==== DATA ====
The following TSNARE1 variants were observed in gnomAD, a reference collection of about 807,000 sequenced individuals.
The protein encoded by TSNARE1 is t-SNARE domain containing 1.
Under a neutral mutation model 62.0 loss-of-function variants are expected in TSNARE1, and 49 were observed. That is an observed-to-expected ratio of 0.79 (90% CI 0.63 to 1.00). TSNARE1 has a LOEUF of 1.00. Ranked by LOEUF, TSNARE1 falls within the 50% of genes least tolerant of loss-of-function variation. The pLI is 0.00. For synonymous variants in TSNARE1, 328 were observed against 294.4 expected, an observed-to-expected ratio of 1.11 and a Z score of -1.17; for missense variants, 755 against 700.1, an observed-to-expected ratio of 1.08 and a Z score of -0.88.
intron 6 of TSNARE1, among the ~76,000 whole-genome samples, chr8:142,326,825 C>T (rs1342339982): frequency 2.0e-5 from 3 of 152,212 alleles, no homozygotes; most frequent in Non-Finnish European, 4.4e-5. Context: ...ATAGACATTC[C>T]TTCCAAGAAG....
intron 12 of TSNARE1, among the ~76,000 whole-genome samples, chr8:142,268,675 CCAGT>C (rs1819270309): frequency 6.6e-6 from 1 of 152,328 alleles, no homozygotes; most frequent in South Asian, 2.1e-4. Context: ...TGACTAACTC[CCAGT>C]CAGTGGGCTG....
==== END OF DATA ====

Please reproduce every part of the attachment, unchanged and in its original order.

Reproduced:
The following TSNARE1 variants were observed in gnomAD, a reference collection of about 807,000 sequenced individuals.
The protein encoded by TSNARE1 is t-SNARE domain containing 1.
Under a neutral mutation model 62.0 loss-of-function variants are expected in TSNARE1, and 49 were observed. That is an observed-to-expected ratio of 0.79 (90% CI 0.63 to 1.00). TSNARE1 has a LOEUF of 1.00. Ranked by LOEUF, TSNARE1 falls within the 50% of genes least tolerant of loss-of-function variation. The pLI is 0.00. For synonymous variants in TSNARE1, 328 were observed against 294.4 expected, an observed-to-expected ratio of 1.11 and a Z score of -1.17; for missense variants, 755 against 700.1, an observed-to-expected ratio of 1.08 and a Z score of -0.88.
intron 6 of TSNARE1, among the ~76,000 whole-genome samples, chr8:142,326,825 C>T (rs1342339982): frequency 2.0e-5 from 3 of 152,212 alleles, no homozygotes; most frequent in Non-Finnish European, 4.4e-5. Context: ...ATAGACATTC[C>T]TTCCAAGAAG....
intron 12 of TSNARE1, among the ~76,000 whole-genome samples, chr8:142,268,675 CCAGT>C (rs1819270309): frequency 6.6e-6 from 1 of 152,328 alleles, no homozygotes; most frequent in South Asian, 2.1e-4. Context: ...TGACTAACTC[CCAGT>C]CAGTGGGCTG....